Two South African high…

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Kidnappings in Nigeria as a class act: Implications for the criminal justice system

Author: Dr Akinola Akintayo
Lecturer and researcher in the Department of Public Law, Faculty of Law, University of Lagos, Nigeria

Nigeria is a country steeped in inequality. Reports indicate that a minimum of 86 of the 140 or so million Nigerians live in extreme poverty. The country’s richest individuals are also said to earn 8,000 times each day what their poor counterparts spends on basic necessaries in a year. To further underscore the severe level of inequality, studies also indicate that the combined wealth of the top five richest Nigerians can end extreme poverty in the country. That is how bad the income and wealth gap in Nigeria is.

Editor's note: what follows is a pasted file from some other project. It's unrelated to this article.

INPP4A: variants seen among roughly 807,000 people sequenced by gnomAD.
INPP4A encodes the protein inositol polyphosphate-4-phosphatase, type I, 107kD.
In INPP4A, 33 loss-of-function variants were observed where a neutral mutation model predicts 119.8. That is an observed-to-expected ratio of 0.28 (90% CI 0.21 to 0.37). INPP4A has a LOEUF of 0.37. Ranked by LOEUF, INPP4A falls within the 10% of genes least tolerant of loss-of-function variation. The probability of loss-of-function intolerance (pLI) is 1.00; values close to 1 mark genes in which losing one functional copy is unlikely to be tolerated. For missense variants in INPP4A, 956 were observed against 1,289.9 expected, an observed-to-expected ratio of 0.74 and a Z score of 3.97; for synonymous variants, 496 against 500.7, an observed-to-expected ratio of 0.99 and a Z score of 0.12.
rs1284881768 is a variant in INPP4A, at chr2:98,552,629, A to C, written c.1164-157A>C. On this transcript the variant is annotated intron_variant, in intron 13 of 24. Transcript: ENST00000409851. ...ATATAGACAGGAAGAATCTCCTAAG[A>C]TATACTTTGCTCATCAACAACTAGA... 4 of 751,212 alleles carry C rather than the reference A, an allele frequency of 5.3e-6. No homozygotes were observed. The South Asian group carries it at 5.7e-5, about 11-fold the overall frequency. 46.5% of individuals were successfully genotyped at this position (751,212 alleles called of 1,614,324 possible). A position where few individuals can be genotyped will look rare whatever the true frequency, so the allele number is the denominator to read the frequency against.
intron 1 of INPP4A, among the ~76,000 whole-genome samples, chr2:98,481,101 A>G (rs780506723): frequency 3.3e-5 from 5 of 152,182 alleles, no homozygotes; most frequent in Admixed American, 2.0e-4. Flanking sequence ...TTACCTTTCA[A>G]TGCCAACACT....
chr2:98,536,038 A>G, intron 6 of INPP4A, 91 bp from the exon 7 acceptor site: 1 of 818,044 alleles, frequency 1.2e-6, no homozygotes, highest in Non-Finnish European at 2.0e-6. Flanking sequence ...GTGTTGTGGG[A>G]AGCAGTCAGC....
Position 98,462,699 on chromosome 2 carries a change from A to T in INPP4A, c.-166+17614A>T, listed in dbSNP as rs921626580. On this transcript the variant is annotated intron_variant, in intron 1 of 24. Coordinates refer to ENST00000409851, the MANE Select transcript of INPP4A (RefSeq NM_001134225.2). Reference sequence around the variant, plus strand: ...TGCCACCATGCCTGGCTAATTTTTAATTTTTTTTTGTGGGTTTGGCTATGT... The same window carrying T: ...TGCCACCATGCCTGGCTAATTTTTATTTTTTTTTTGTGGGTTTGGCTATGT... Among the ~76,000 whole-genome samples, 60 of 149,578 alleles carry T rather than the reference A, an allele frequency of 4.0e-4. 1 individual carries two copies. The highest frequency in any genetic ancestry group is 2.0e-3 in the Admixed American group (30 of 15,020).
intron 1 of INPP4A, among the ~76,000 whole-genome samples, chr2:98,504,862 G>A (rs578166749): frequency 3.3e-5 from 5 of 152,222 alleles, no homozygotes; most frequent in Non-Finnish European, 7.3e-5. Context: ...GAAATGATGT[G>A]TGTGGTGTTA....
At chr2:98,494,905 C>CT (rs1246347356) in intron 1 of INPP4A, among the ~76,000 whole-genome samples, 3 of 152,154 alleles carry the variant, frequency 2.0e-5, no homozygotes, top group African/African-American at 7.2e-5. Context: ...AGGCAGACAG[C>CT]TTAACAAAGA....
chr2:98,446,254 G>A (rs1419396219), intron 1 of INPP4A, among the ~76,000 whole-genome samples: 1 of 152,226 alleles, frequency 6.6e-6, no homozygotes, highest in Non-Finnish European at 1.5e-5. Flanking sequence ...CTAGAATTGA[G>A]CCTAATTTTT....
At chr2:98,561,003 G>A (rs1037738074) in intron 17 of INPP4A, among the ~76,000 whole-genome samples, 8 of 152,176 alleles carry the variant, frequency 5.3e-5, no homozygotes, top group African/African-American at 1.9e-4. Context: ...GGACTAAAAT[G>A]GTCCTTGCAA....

However, this kind of inequality underpinned by exploitative and oppressive capitalist mode of production tends to weaken what some scholars have referred to as the ‘social instinct’ and breeds discontent, opposition and conflicts between society’s classes. In this kind of clime, the less privileged and deprived members of the society may well feel entitled, either within or without the law, to demand what they considered their own fair share of the commonwealth from the more opulent part of the society. The main purpose of this short piece is to interrogate emerging evidence which suggests that recent dimensions of kidnappings in Nigeria is a class act where the deprived class may be demanding what they perceived as their fair share from the more opulent class and examine the omens that this bids for the criminal justice system.

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Kenya: High Court halts HIV+ data collection, upholding dignity & privacy